Interactive Investor

Market snapshot: another crazy day for stocks?

25th January 2022 08:05

Richard Hunter from interactive investor

Wall Street swung from a huge loss in Monday's session to end the day in positive territory. Our head of markets explains why and looks ahead to this week's key event. 

Another hectic bout of trading kept investors on guard, as volatility was propelled by a multitude of concerns.

A tempestuous session in the US saw the Nasdaq plunge by 5% at one point and the S&P500 slip into correction territory, before a wave of bargain hunters piled in to leave each of the major indices finishing marginally ahead.

This volatility is likely to prevail for the moment, with tensions between Russia and Ukraine unsettling investor sentiment and with the imminent Federal Reserve meeting likely to have a major impact on the short term direction.

An increasingly hawkish Federal Reserve is expected to be confirmed on Wednesday with a wind down of easing and an indication of interest rate hikes largely expected. At the same time, the persistently high level of inflation at present has led some observers to wonder whether the Fed is actually behind the curve, and whether any monetary tightening could be even more harsh than anticipated.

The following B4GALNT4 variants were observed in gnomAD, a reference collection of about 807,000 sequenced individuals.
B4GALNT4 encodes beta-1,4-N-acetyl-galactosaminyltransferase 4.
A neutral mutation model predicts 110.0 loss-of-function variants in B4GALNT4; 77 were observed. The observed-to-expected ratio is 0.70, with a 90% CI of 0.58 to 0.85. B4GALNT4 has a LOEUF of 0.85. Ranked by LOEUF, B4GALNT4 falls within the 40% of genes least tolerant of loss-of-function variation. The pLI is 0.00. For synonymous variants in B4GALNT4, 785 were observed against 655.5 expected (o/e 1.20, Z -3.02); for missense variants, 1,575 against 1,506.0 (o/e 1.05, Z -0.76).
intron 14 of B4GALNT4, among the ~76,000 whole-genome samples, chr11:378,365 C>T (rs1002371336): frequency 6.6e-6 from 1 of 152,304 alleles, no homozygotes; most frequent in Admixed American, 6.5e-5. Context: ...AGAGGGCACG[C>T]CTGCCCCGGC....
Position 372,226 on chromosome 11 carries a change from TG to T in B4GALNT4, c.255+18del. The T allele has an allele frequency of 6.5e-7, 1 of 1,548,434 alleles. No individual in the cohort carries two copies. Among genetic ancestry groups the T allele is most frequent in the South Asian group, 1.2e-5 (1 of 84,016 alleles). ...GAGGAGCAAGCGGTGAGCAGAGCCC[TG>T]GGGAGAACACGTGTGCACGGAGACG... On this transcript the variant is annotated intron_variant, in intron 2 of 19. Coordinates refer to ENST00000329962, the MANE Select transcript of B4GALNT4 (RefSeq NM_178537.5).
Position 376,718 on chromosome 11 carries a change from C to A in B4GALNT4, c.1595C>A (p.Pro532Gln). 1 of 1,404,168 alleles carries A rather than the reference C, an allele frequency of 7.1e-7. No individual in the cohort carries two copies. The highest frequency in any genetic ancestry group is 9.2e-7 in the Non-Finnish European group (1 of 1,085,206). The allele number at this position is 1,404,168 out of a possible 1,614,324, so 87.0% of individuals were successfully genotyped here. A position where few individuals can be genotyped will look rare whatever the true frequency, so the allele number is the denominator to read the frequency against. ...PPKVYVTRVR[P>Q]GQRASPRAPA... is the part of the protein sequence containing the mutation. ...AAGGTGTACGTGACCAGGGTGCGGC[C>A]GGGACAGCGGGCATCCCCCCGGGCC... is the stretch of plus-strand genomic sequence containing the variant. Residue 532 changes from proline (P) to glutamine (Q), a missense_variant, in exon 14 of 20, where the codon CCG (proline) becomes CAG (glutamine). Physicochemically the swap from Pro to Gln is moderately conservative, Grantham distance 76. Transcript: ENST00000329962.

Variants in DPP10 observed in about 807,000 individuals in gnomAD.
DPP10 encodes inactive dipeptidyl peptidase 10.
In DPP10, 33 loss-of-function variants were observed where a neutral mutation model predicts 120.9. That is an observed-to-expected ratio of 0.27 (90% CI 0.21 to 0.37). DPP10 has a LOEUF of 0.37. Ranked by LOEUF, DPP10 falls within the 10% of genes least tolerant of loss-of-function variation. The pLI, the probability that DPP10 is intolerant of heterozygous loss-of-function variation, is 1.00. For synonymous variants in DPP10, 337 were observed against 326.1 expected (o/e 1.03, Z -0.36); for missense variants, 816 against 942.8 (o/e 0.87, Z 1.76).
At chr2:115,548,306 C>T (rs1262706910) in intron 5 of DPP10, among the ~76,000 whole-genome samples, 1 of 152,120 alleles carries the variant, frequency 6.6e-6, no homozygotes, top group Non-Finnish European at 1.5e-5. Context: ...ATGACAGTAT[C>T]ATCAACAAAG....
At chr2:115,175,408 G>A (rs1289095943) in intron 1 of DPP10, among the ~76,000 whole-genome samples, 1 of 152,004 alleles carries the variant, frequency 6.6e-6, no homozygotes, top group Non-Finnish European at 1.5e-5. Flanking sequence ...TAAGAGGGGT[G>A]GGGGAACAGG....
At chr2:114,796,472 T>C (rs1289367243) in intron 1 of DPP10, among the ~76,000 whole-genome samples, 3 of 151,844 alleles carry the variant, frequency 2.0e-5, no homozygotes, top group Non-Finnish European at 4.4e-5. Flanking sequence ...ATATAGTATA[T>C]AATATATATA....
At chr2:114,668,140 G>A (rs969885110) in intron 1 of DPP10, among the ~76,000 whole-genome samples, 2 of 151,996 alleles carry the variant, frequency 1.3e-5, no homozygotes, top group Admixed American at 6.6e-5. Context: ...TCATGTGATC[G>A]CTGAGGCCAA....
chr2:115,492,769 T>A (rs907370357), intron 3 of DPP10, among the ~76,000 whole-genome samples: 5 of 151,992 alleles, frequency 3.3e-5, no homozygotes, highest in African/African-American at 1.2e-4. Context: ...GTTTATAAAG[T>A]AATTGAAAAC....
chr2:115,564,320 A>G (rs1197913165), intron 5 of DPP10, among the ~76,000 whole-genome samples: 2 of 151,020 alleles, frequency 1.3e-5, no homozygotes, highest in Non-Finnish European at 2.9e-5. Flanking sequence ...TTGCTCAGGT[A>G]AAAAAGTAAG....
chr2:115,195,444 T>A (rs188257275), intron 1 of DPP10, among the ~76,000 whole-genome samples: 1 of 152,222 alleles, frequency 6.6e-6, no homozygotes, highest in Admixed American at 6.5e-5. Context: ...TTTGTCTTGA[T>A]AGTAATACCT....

More positively, the message may be delivered to reflect the likely improvement in economic fortunes as the variant subsides, allowing the recovery to resume and with the possibility of full employment, thus easing some of the inflationary concerns. Equally, the falls seen this year are enough to tempt in some buyers on the dips, on the basis of easing supply chain blockages and what is still hoped will be a strong earnings season.

In the meantime, the sharp rebound at the end of the session still left the major indices down in the year to date, with the Dow Jones now having lost 5.4%, the S&P500 7.5% and the Nasdaq 11.4%.

The general package of concerns also erased the FTSE100’s positive opening to 2022, leaving the index down by 1.2% after a bruising session. A broad mark down across the sectors ensured a weak response to escalating geopolitical tensions. There are also fears that even higher energy prices might ensue at a time when rising interest rates are potentially placing different pressures on a beleaguered consumer, who will also be dealing with a tax hike regime as the year progresses.

In opening trade, the FTSE100 recouped some of its previous losses and now stands down by just 0.5% for the year. Nonetheless, despite the defensive qualities which had so far protected the index from the falls seen across the pond this year, the prospect of deteriorating sentiment will be difficult to avoid.

By the same token, should investor appetite return in the form of a risk-on approach, the UK’s premier index is likely to be towards the top of any global investor’s shopping list, even if on valuation grounds alone.

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